Farm to table. This trendy term isn’t new to those of us who live on a farm. Many meals prepared here come directly from the field to the table daily. No shopping at a grocery store or warehouse. And if I am fortunate to grow the right herbs, there is no need to add store-bought spices.
It took me seventy years to get a KitchenAid mixer, and that spiralizer attachment is getting a workout this summer.
One of my favorite lunches starts by spiralizing curls of zucchini. Then I heat a little olive oil, add chopped onions, toss in the zucchini and some seasoning, and voila! Cut up a few garden-fresh tomatoes, and it becomes a feast – to me, at least—no carbs, just fresh from the garden – farm to table. And what farm (or backyard garden plot) doesn’t have a surplus of zucchini?
Our family, who lived in the hollers of North Carolina, grew just about everything they ate. What they didn’t eat farm to table, they canned, jellied, or preserved. That was how life was on the farm, then and now.
My husband told the story of visiting his Grandma Smith in Marshall, North Carolina when he was a boy. He loved going to her “grocery store.” In her cellar, he saw rows after rows of home-canned goods and chose what he thought they should have for dinner that night. She knew how to raise, grow, and preserve everything.
Despite – or perhaps because of – living through the Great Depression and one or two world wars, that generation knew how to make do, how to do without, and how to maintain joy for life on the farm – lessons so many of us need to embrace today.
I’d like to share my grandmother’s Refrigerator Pickle recipe with you. I don’t think she would mind; she’d share anything she had.
7 c. sliced cucumbers 1 TBS. salt
1 c. sliced onion rings 1 TBS. celery seed
1 c. diced green pepper 2 c. sugar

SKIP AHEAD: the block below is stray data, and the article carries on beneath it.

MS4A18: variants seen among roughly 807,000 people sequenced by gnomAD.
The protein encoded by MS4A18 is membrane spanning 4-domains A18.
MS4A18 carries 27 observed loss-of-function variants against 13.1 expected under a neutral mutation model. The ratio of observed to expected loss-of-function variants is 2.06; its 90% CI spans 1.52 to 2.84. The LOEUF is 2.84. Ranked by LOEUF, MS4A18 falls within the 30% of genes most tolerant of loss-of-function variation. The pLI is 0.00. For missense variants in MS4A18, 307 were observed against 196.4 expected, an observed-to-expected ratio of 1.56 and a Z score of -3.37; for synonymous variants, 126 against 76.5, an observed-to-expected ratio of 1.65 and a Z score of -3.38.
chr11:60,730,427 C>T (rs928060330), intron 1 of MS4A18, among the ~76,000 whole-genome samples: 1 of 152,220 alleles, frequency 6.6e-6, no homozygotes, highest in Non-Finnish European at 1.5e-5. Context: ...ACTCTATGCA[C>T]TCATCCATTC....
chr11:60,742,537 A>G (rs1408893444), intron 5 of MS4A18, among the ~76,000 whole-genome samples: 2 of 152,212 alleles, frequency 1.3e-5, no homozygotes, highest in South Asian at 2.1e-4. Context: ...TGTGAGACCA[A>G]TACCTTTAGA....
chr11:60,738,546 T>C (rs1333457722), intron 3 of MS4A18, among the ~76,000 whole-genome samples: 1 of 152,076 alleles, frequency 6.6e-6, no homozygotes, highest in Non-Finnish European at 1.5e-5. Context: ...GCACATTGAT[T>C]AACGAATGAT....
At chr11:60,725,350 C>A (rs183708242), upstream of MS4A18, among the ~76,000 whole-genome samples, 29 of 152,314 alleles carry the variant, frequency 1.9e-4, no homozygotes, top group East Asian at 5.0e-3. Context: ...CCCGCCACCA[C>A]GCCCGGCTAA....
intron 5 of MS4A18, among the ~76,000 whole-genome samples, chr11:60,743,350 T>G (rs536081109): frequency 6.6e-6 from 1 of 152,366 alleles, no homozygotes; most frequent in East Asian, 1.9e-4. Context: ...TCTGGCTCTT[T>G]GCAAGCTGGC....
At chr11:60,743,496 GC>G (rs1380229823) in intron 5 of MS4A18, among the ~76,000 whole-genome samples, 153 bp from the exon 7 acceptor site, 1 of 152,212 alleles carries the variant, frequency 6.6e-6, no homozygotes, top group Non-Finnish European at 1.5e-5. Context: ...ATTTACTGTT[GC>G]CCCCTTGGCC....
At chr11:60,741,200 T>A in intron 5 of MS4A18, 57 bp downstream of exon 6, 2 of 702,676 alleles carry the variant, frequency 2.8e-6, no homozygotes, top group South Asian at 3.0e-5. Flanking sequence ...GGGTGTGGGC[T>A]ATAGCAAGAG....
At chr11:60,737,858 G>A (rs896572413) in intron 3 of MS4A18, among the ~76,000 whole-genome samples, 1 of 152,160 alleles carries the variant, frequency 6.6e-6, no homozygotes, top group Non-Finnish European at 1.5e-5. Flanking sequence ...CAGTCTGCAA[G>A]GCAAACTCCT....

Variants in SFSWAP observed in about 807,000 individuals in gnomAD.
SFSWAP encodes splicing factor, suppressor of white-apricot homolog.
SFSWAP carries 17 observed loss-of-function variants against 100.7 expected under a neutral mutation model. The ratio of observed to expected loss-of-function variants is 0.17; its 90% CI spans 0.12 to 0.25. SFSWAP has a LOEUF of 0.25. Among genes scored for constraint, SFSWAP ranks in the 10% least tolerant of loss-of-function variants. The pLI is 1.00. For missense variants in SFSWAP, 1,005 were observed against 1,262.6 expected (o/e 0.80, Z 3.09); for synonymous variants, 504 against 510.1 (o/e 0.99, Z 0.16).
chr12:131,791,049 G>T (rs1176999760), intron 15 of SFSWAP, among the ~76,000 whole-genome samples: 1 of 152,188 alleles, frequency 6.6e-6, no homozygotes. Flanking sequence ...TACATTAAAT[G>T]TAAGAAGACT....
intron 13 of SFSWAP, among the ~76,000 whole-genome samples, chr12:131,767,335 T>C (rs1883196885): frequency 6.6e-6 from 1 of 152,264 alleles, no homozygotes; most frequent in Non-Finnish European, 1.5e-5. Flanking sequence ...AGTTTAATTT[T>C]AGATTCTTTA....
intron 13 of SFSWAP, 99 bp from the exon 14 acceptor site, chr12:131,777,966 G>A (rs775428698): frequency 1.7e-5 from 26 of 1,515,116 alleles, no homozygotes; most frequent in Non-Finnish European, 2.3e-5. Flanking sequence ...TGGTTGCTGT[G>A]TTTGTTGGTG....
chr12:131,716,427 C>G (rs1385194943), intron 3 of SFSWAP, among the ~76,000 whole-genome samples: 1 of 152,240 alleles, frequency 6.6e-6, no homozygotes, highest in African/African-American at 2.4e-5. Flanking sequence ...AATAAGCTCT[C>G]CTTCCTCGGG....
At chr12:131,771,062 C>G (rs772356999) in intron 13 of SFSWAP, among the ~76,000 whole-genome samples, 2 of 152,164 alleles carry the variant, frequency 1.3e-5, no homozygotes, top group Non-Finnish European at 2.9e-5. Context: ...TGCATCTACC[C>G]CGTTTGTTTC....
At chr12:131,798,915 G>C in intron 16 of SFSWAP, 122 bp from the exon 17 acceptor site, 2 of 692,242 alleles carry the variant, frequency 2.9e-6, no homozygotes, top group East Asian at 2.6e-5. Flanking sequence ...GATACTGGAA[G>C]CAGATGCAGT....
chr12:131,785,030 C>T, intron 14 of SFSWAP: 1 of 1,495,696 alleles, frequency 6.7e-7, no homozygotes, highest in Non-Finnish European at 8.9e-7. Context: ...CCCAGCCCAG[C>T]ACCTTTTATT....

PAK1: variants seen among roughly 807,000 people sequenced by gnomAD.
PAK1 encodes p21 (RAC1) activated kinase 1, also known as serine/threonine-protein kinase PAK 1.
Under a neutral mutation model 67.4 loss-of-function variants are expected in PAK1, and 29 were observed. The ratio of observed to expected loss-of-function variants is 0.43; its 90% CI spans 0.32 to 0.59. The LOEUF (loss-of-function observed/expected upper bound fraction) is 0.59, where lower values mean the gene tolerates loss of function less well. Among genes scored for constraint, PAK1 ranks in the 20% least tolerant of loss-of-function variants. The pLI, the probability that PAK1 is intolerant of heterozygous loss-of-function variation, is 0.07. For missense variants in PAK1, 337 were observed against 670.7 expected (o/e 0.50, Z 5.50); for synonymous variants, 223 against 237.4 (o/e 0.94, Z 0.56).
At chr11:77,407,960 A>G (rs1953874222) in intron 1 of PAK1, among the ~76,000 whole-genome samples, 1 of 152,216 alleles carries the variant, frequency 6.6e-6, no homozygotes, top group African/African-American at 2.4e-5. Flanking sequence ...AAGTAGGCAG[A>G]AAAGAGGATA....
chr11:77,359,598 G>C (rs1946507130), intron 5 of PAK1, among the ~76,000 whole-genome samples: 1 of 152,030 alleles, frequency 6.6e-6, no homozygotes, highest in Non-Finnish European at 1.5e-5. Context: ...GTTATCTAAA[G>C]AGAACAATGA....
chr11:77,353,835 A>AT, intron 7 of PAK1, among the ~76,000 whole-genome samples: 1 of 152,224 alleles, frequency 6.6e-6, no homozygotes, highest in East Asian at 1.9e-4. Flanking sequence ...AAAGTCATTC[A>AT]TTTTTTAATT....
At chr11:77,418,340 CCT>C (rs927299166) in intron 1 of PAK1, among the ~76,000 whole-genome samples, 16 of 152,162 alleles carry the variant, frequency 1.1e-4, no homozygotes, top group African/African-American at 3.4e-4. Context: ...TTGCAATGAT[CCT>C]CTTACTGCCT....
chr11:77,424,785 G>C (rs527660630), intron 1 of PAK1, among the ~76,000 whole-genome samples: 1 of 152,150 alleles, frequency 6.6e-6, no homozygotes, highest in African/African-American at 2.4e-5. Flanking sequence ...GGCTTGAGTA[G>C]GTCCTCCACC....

1 c. white vinegar
Wash vegetables. Slice cucumbers; chop pepper. Peel and slice onion. Combine all ingredients. Refrigerate for one week, then eat.
Cucumbers are plentiful these days on the farm. On hot summer nights, I enjoy a cold Cucumber/Onion Salad. I just slice some small cukes and sweet onion, add a splash of white vinegar, a splash of red vinegar, a pinch of sugar to taste, and salt and pepper—another delicious-and-quick farm-to-table treat.
Yum! I would love to get back to gardening. There is nothing like eating a cherry tomato off the vine or enjoying the canning and preserving of your very own home grown veggies. Thanks for sharing your recipes.
Lestie, thank you for commenting on the blog. My sons question my giving away family recipes, but my Grandma was all about sharing, so they will have to get over that!
I enjoy your audio posts and the ASL connection. I am interested in learning more.
May God continue to bless you, your family, and your ministry.
Your recipes had my mouth watering. I grew up in a family that grew and canned vegetables too. That’s why I shop at farmer’s markets whenever I have a chance.
Candyce, so glad the blog ‘wet your appetite.’ I have taken the Master Canner certification from MSU, but my daughter-in-law, Cari, now has become the master in that department. Continued prayers for you, your family, and your ministry.
I have more files than I know what to do! I thought Paul would eat them but he can’t keep up! 😂 I’m going to try your recipe, even though I’m not a pickle fan. He is!! Thanks for sharing.
Marci, I knew what you meant, PICKLES! Let me know how you like the pickles.
More PICKLES! Sorry for the typo above!
Marci, I laughed at your typo! I love spell check; not sure where I would be on this author journey without it!
(haha, I spelled my name wrong, and it corrected it for me! I’m just saying…)
I still enjoy those yummy pickles.. Thanks for sharing the receipe with others so they can enjoy them also. Enjoying all your posts, blogs, articles and books….your writings are a blessing. Please continue to use your gifts of writing and speaking to reach out to others.
Aunt Mattie, I am glad you are okay with me sharing the family recipe. It first appeared in the Woman’s Auxiliary Rouge Free Will Baptist Church’s Cooking with Love cookbook II, issued in 1978.
Thank you for all of your encouraging words and prayers.